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FAS Beats National Faculty Salaries

By Gautam S. Kumar, Crimson Staff Writer

While a recently-released report from the American Association of University Professors indicated that across the board faculty salaries still reflect a depressed fiscal environment, professors in Harvard’s Faculty of Arts and Sciences will continue to receive 2 percent annual salary increases.

However, Harvard has not been immune to the effects of the weak economy.

Similar to many peer institutions, Harvard continues to maintain fewer active faculty searches for tenure track positions than it did before the 2008 financial crisis.

The salary increases—while a welcome respite from the pay freeze imposed between 2008 and 2009—still pale in comparison to the five percent year-on-year raises that faculy members received prior to 2008.

During the crisis, Harvard’s endowment plummeted 30 percent in value, dropping from a high of $37 billion to a low of $26 billion.

As a result, the monetary endowment payout to FAS fell nineteen percent over two years from its pre-2008 high of $650 million. FAS derives roughly half of its operating budget from this payout.

Standing in a packed room of faculty in Dec. 2008, FAS Dean Michael D. Smith announced staff and faculty salary freezes, and recommended that each department trim its budget by 10 to 15 percent.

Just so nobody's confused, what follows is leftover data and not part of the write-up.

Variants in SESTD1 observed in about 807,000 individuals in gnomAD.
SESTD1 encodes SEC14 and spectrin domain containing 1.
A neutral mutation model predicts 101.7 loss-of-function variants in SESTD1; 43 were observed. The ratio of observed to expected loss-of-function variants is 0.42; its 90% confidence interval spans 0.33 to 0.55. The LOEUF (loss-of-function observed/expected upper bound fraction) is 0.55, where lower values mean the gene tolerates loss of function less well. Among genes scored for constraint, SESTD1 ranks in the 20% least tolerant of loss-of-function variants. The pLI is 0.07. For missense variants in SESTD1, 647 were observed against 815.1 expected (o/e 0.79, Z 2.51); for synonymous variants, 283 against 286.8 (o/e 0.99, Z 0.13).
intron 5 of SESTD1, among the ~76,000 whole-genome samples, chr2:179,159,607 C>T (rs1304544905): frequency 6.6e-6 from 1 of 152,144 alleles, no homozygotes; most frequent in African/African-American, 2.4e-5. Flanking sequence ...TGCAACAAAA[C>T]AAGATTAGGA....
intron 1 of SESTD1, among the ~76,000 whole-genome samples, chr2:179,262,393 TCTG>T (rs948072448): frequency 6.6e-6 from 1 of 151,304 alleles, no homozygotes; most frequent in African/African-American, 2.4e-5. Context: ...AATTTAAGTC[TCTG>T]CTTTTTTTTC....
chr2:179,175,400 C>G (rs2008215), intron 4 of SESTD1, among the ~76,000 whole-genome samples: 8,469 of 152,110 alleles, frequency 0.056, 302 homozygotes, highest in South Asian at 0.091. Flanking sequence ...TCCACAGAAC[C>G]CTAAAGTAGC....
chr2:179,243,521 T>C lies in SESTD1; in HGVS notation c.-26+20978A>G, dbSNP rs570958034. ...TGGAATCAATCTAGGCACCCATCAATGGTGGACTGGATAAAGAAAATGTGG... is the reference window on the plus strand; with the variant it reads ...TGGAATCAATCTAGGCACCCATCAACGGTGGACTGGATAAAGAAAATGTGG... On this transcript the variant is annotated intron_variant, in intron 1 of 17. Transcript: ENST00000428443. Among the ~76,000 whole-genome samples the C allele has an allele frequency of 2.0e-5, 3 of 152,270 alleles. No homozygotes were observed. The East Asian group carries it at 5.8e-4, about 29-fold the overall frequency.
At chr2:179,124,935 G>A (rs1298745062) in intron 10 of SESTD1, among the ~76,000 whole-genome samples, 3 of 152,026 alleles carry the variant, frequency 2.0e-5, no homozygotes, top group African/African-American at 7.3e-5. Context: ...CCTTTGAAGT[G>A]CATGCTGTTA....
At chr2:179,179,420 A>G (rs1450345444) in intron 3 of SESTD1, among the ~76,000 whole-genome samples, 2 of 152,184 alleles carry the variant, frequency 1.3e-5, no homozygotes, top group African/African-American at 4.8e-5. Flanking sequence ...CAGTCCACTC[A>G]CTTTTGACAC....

What we have to do is plan for expense reduction,” Smith said at the time.

The salary freezes were lifted after a year, in December of 2009, and “merit-based salary increases” of 2 percent per year were instated.

“While we continue to operate in a constrained fiscal environment, the FAS will, as always, work to be a competitive employer so that we can continue to attract the most talented faculty and staff,” FAS spokesperson Jeff Neal wrote in an emailed statement.

In an interview yesterday, University Professor Stanley Hoffmann said that—despite the thawing of the pay freeze—Harvard professors should not consider salaries a primary concern.

“I think, on the whole, it is unseemly for academics to worry too much about their salaries,” Hoffmann said, noting that professors are quite affluent compared to the majority of the population.

But the AAUP report released yesterday still aggressively emphasized that professor salaries rose, on average, only 1.4 percent in the past year—considerably below the hikes that Harvard awarded.

The AAUP concluded that these low year-on-year gains reflected little confidence in the current “global knowledge economy.”

In budgets for fiscal year 2012 submitted to academic divisions in the beginning of March, department administrators were told to increase salaries even further for unionized workers—to 3.15 percent.

A 4 percent increase in the endowment distribution value will help fund most of these continued salary increases.

—Staff writer Gautam S. Kumar can be reached at gkumar@college.harvard.edu.

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